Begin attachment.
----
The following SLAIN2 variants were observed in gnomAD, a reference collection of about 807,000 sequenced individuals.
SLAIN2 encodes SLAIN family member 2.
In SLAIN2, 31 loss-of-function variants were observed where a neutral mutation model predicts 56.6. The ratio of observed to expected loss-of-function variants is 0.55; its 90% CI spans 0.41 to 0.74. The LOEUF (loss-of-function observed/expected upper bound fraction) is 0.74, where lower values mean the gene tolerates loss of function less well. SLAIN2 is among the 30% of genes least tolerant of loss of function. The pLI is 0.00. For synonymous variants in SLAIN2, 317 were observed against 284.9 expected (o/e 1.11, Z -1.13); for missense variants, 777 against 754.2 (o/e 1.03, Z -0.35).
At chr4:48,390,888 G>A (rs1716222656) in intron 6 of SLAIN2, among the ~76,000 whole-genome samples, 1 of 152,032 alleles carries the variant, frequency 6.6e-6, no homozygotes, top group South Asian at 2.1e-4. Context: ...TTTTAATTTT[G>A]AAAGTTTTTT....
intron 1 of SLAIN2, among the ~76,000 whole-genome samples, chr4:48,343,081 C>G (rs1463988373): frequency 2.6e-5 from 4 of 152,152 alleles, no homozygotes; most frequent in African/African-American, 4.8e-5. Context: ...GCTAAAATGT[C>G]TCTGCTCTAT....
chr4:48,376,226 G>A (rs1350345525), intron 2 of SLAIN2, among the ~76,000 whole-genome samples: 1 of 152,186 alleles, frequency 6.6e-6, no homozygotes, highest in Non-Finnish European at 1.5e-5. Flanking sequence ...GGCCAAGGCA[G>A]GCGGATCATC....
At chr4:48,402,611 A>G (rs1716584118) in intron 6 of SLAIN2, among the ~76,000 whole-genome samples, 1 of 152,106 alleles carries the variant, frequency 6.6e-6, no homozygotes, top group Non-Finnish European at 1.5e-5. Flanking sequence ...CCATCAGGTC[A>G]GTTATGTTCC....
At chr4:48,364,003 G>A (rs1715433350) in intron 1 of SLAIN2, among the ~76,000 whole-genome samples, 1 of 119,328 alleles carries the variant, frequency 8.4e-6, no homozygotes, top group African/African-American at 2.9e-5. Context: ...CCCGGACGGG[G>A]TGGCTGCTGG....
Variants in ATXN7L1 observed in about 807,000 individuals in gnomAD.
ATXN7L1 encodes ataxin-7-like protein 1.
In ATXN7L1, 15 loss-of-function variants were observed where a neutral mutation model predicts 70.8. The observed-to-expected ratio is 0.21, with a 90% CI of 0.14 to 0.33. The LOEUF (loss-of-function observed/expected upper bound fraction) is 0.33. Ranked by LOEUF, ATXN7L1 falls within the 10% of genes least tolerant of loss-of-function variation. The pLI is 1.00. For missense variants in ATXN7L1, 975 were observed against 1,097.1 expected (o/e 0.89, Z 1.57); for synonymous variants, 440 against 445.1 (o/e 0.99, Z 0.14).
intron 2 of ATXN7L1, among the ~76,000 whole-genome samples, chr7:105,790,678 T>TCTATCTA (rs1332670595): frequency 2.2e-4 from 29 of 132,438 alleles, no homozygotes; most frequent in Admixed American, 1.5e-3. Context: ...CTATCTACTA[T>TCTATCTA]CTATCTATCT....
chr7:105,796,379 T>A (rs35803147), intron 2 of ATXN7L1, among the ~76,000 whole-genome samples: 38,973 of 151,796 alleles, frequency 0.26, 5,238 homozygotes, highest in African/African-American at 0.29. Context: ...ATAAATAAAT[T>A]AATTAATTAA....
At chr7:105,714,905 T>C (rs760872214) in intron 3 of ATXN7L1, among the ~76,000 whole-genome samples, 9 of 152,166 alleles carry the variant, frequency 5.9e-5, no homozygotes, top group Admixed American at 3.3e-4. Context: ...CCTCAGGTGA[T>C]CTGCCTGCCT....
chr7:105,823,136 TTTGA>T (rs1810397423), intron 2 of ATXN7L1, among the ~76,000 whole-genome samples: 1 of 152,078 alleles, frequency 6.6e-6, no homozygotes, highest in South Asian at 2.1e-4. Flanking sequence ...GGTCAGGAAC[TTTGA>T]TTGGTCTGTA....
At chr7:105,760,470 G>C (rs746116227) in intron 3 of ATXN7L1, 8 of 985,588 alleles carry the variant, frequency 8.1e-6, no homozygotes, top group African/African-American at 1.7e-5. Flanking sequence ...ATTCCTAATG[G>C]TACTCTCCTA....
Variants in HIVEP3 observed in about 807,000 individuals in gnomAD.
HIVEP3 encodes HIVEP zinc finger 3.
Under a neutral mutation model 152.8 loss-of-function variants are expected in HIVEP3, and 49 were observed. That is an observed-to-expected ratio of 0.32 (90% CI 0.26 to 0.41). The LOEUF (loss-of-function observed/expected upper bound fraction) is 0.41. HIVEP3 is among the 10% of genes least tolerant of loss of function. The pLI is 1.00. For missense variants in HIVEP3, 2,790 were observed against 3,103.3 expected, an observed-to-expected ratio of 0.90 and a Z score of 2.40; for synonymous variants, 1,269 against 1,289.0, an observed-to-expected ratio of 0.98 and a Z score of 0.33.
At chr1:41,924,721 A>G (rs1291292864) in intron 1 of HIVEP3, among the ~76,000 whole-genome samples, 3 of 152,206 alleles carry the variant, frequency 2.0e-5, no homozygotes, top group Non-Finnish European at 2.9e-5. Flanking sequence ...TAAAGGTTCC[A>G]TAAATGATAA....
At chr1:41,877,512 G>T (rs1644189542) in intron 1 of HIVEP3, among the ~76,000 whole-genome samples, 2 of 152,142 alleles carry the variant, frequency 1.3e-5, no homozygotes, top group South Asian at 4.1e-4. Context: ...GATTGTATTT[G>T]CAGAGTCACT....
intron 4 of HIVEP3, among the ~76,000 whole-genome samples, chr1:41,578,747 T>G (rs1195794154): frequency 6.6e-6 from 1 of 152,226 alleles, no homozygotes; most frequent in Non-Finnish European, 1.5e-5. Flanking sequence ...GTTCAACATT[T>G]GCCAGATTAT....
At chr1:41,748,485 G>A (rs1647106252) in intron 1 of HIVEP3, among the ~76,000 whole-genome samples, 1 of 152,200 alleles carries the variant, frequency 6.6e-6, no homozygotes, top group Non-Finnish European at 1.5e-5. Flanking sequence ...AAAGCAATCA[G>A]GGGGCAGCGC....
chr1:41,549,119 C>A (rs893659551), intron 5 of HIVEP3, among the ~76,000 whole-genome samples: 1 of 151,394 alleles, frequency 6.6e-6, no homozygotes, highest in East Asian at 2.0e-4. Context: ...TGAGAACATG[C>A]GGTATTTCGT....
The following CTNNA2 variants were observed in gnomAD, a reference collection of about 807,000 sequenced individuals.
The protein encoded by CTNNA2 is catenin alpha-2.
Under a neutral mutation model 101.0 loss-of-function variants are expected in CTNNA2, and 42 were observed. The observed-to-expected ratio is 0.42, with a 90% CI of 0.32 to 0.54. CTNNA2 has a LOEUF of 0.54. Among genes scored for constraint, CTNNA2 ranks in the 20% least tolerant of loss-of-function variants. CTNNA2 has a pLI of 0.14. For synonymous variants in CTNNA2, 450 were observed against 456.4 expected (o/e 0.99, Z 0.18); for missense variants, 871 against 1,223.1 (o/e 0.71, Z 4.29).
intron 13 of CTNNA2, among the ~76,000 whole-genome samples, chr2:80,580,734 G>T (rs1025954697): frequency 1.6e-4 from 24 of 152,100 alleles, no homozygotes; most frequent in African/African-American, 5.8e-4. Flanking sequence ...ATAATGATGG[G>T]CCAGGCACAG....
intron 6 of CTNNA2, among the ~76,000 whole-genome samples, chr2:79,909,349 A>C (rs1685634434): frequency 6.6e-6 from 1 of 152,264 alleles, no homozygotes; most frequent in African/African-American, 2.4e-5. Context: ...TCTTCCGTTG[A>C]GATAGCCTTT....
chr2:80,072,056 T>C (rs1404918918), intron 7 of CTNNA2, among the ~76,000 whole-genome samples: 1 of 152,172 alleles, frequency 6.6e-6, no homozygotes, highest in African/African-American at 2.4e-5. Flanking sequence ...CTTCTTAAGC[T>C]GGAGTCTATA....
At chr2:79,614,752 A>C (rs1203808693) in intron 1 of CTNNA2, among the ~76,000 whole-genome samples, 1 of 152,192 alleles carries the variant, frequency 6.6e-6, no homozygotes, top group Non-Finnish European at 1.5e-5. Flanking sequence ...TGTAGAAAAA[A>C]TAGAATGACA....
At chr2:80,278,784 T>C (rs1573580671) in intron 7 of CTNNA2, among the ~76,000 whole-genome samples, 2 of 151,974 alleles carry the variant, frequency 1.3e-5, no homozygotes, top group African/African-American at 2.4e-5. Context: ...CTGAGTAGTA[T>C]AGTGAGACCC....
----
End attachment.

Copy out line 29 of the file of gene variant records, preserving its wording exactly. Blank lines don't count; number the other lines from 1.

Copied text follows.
intron 6 of CTNNA2, among the ~76,000 whole-genome samples, chr2:79,909,349 A>C (rs1685634434): frequency 6.6e-6 from 1 of 152,264 alleles, no homozygotes; most frequent in African/African-American, 2.4e-5. Context: ...TCTTCCGTTG[A>C]GATAGCCTTT....